Introduction: World's Easiest Beginner Quilt (Brick Wall Quilt)

The hardest thing for beginner quilters to get right is matching up the corners of each piece. This quilt looks great and has no corners to be matched. The drawing shows what unmatched corners look like. This is very noticeable in the finished quilt--and the first thing that some quilters notice about any quilt. So with this design, all the corners are intentionally unmatched.

You can create many different looks for your quilt with this same design. You just have to switch up the colors. I have shown just a few of the possibilities.

Step 1: Cutting the Pieces

There are only 2 different pieces to cut out. You can choose any size square to start with--I have been working with 3 inches a lot lately. The pieces are large enough to allow the quilt to come together quickly but small enough that you can see the overall design in even a lap sized quilt.

The project will work equally well with a 2 inch square as well as 4 inches. Just pick a number and let's move on.

My finished quilt is a 36 inch square (but your can be just about any size) To figure out how many pieces to cut, there is a little math--sorry. 36 divided by 3 means that there will be 12 rows in my quilt. Most of the pieces will be rectangles that are 3 by 6 inches. 36 divided by 6 means that half of the rows will have 6 rectangles in them. The other half of the rows will have 5 rectangles (one less than the number just calculated) and 2 squares each.

6 rows of 6 rectangles = 36 rectanglar pieces
6 rows of 5 rectangles = 30 rectangular pieces
6 rows with 2 squares = 12 square pieces

Total of 66 rectangles and 12 squares.

Since you need a seam allowance, you need to add a half inch to both the length and width--in my case, I cut my rectangles 3 1/2 by 6 1/2 inches and my squares 3 1/2 by 3 1/2. (Quilts are usually made using a quarter inch seam.)

If you are using scrap fabrics (like I have been doing a lot lately), I just cut a great big pile of pieces. If you want to arrange the colors to make a design, you may want to sketch it out and count.

If you are using 'new' fabric--I recommend 100% cotton woven (non-stretchy) fabric and wash/dry it first. This will pre-shrink it. If you are using old clothes, they are probably already pre-shrunk. I am planning one of these out of my husband's collection of Hawaiian shirts. I cut using a rotary cutter but sharp scissors work too.

Step 2: Sewing Strips

I am making a scrap quilt so my only rule for color arrangement is that I don't sew any fabric to itself. I do try to keep too much of any one color in one spot. If you are trying for a pattern, you may want to keep your sketch close by--easy reference.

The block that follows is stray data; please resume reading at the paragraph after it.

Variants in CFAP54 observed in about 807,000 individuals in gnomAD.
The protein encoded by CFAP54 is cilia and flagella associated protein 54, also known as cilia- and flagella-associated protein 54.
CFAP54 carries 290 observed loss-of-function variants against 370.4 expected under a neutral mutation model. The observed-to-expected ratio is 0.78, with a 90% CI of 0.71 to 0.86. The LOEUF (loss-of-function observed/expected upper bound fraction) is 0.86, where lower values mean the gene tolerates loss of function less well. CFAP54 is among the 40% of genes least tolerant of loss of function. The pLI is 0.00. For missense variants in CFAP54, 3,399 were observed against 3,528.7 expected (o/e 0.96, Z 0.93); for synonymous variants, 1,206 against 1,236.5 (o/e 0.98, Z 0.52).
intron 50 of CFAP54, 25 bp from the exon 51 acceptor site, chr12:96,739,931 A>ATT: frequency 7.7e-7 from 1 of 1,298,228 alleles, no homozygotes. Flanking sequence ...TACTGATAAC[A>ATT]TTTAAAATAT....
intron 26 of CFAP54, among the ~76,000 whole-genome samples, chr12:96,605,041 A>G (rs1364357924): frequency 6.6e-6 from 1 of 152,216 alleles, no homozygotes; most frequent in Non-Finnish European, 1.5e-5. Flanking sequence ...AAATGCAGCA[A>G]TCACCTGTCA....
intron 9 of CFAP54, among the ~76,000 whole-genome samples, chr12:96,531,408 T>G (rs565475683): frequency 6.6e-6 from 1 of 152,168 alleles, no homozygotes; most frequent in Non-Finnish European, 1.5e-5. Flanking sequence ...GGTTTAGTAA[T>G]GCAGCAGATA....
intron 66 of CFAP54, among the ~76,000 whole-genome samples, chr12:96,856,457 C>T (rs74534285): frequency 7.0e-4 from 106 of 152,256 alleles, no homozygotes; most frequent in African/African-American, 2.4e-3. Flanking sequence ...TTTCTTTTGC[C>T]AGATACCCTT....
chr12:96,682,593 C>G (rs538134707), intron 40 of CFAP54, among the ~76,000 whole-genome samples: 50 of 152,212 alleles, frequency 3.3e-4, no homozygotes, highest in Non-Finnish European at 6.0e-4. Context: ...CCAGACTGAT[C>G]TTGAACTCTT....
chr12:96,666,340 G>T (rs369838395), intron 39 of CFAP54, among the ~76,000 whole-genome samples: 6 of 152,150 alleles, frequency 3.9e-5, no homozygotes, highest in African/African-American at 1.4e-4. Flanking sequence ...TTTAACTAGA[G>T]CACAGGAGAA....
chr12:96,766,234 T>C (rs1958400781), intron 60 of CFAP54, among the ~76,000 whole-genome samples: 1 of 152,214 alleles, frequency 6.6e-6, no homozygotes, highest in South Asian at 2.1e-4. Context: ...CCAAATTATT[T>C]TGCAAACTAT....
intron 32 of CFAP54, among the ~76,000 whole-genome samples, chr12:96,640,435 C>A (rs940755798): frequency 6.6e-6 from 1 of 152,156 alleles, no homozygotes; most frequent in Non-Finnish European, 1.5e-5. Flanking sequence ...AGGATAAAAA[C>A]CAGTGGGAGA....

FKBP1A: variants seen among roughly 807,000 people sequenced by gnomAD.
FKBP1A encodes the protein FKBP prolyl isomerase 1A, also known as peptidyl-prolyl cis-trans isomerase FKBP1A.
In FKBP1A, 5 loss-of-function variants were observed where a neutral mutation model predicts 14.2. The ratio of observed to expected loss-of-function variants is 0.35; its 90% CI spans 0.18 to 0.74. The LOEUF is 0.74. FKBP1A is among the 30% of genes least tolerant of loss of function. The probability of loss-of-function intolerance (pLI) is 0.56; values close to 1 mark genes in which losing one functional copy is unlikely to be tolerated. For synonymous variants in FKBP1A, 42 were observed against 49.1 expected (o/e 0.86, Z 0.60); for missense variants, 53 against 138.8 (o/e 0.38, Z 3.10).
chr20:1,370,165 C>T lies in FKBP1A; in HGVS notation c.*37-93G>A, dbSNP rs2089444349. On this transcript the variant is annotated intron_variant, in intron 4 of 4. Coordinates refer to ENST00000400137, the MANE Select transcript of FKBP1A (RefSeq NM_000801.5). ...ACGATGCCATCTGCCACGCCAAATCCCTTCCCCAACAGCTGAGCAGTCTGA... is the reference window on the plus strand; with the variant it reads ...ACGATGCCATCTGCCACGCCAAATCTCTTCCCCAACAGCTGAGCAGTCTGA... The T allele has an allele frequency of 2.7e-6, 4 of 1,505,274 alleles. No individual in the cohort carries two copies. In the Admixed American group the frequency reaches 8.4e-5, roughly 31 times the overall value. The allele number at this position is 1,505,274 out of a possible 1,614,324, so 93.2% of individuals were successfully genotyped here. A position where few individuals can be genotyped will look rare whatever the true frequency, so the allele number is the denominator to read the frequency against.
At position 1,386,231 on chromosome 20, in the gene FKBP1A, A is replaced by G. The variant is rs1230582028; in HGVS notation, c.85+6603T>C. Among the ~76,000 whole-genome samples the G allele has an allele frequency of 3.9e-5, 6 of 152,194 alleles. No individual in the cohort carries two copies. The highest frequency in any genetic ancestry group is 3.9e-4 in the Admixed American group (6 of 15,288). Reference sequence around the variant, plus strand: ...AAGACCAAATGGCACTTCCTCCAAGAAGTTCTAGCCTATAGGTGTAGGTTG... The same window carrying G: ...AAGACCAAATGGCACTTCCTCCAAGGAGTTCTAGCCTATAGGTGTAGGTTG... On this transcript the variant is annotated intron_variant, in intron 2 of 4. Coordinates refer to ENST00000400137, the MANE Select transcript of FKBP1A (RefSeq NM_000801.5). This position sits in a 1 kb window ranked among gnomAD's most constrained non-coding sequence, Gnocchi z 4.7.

I like to see by hand but a sewing machine makes the process go faster. Using a quarter inch seam allowance, sew the short end of rectangles together. Remember that half of the strips are made using one less rectangle and get a square on both ends.

If you are machine sewing, you can probably use the edge of your pressure foot to get the seam allowance. If you are hand sewing, you can draw a pencil line on the back of the fabric to keep your seam straight and accurate. Use a light colored pencil on dark fabrics.

Step 3: Joining the Strips

Once all the strips are sewn, get out your iron and press your seams. Most quilts are pressed with the seams 'closed'--this means that both edges of the fabric are pressed in the same direction.

Select 2 strips--one with squares on the ends and one without. Pin the end corners together. Then pin along the length of the strip. Sew again--same quarter inch seam allowance.

Add additional strips, alternating the strips, until you have them all together.

Step 4: Press and Baste

Press the project one last time--last chance so get all the wrinkles and creases out. I use a lot of steam.

Lay a piece of pre-shrunk backing fabric (muslin is traditional but I use a lot of different things including sheets) on the floor/table. Lay down a layer of quilt batting--be careful not to stretch it. Lay your quilt top over this (face up). Be gentle. Smooth out the wrinkles.

Basting is the temporary attachment of the layers together. You can do this with a needle and thread--just make a really big running stitch line across the whole thing every 4 to 5 inches. I like the safety pin method better. I put a pin in each piece starting in the middle and working outward.

Step 5: Quilting

With this particular design, I usually just quilt 'in the ditch' along the seam that joins the rows. 'In the ditch' means that you are sewing in the actual seam. To me, it makes the quilt look like a brick wall by emphasizing the horizontal lines of the strips.

As you work, you can remove the safety pins or clip the basting threads.

Step 6: Binding

Binding covers the raw edges of the quilt. Most quilters cut their binding fabric into 2 inch strips. I usually prefer 2 1/2 inches.

Fold the strip in half lengthwise. Line up the raw edges of the binding with the edge of the quilt. Sew it in place with the same quarter inch seam allowance.

Trim the excess fabric from around the outside edge.

Wrap the folded edge of the binding to the back side of the quilt and whip stitch it in place.

I am planning another instructable with more details on binding a quilt. I will try to post it soon.